• Biscuit porcelain : surface unglazed, silky matt gloss

Class 3: Special ceramic bodies

Class 3 includes a .: Paperclay , dental ceramics or dental ceramics , highly sintered oxide ceramics as cutting material for cutting and grinding tools ( aluminum , zirconium , magnesium , beryllium, thorium oxide ; free of silicon dioxide ). In a broader sense, this also includes ferrites and titanates .

High-temperature special dimensions (also mixed ceramics)

Highly refractory oxide ceramic with small additions of various metals. The toughness of the metals is combined with the corrosion resistance and fire resistance of the ceramic. Use as turbine blades or as cutting tools.

Electrotechnical special dimensions

Electro- porcelain for insulators , titanium oxide ceramics for capacitors , piezoceramics for electroacoustic converters, materials for magnets , semiconductor resistors .

Heavy ceramics, fine ceramics, technical ceramics

Another classification is that of coarse pottery and fine pottery. In addition to coarse stoneware, heavy ceramics also include refractory ceramics and building ceramics. All other masses are fine ceramics. This is characterized by selected raw materials, particularly careful preparation of the recipes and more complex shaping (partly by hand).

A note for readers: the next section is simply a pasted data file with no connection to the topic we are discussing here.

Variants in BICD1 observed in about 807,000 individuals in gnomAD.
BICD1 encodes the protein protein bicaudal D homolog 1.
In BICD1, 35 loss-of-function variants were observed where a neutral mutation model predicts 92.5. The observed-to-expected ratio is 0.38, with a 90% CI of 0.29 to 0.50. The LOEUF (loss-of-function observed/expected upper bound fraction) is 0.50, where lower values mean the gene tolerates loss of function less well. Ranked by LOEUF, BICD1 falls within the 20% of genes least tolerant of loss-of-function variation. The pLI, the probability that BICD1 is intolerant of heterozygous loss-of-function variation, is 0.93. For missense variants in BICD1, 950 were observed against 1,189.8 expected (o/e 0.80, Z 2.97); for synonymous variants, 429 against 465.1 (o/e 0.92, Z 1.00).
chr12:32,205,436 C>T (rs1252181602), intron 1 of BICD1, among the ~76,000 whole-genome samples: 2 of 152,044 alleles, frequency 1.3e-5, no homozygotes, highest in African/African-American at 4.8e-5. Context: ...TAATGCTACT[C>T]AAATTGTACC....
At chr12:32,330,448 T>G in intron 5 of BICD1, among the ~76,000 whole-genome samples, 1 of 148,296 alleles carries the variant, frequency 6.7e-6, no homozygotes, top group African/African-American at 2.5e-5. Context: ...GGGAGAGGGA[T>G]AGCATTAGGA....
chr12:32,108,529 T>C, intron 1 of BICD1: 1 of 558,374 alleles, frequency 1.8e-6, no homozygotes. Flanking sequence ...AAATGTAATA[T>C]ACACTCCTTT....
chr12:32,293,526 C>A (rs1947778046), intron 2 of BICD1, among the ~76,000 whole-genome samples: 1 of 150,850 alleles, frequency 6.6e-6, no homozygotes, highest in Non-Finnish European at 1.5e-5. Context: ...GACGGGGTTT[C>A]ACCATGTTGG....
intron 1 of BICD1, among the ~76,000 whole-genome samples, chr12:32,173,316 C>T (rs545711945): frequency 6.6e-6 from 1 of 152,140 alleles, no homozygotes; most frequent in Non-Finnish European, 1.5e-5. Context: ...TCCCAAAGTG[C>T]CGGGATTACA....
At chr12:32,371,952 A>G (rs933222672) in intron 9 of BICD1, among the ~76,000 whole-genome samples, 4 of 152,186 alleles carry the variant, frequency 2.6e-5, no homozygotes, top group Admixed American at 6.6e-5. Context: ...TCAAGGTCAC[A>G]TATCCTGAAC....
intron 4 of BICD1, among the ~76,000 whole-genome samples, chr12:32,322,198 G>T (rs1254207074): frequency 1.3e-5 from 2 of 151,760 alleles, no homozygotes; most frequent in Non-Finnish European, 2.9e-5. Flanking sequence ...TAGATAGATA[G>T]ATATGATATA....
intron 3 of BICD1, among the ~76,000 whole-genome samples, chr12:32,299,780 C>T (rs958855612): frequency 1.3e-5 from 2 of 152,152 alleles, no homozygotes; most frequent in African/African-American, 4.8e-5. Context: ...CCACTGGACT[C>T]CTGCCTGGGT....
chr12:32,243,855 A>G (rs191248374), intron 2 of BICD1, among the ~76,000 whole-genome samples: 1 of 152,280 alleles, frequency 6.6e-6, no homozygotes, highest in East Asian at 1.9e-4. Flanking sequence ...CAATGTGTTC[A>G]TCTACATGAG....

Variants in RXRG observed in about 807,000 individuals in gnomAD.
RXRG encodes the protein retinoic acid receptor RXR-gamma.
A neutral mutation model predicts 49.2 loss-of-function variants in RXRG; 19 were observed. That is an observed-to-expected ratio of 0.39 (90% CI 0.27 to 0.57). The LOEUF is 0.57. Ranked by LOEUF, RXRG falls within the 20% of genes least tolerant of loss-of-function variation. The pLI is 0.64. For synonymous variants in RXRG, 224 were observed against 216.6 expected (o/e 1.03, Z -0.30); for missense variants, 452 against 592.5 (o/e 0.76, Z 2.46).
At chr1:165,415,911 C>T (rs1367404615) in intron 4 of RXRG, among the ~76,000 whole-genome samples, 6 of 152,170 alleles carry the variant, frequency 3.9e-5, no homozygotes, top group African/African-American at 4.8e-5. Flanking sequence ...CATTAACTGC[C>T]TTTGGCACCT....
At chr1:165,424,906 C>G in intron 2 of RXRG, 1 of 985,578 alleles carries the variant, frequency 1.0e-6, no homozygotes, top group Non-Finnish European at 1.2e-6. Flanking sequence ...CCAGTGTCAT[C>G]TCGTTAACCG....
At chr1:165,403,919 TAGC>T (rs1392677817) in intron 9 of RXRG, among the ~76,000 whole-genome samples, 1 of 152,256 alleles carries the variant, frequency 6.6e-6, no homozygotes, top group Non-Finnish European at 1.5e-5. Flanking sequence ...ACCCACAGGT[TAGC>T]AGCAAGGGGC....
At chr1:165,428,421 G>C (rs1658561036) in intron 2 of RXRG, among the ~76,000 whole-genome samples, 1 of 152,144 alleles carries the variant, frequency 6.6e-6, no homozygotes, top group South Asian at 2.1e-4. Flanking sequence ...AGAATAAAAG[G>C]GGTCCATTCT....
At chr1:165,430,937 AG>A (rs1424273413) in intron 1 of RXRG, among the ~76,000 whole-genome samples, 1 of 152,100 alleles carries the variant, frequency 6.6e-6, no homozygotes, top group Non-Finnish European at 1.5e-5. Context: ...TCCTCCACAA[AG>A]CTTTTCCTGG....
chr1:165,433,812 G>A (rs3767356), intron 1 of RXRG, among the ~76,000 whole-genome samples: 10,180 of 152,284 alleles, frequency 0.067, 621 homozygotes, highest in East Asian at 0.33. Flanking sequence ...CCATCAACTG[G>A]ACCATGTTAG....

The ceramics included in the special dimensions are also referred to as technical ceramics .


  • Small encyclopedia technology. Bibliographical Institute, Leipzig 1972.
  • Materials and material testing - basics. In: Lueger Lexicon of Technology. (four volumes), Rowohlt Taschenbuch-Verlag, Reinbek 2003, ISBN 3-499-19008-7 .
  • P. Rada: The technique of ceramics. Dausien 1989, ISBN 3-7684-1868-5 .
  • Sven Frotscher: dtv-Atlas ceramics and porcelain. Munich 2003, ISBN 3-423-03258-8 .
  • Association of the Ceramic Industry eV (Hrsg.): Brevier Technical Ceramics. 4th edition. Fahner Verlag, Lauf ad Pegnitz 2003, ISBN 3-924158-77-0 .

Web links


  1. a b . A reliable differentiation between majolica and faience is hardly possible because these terms are used alternately in the literature.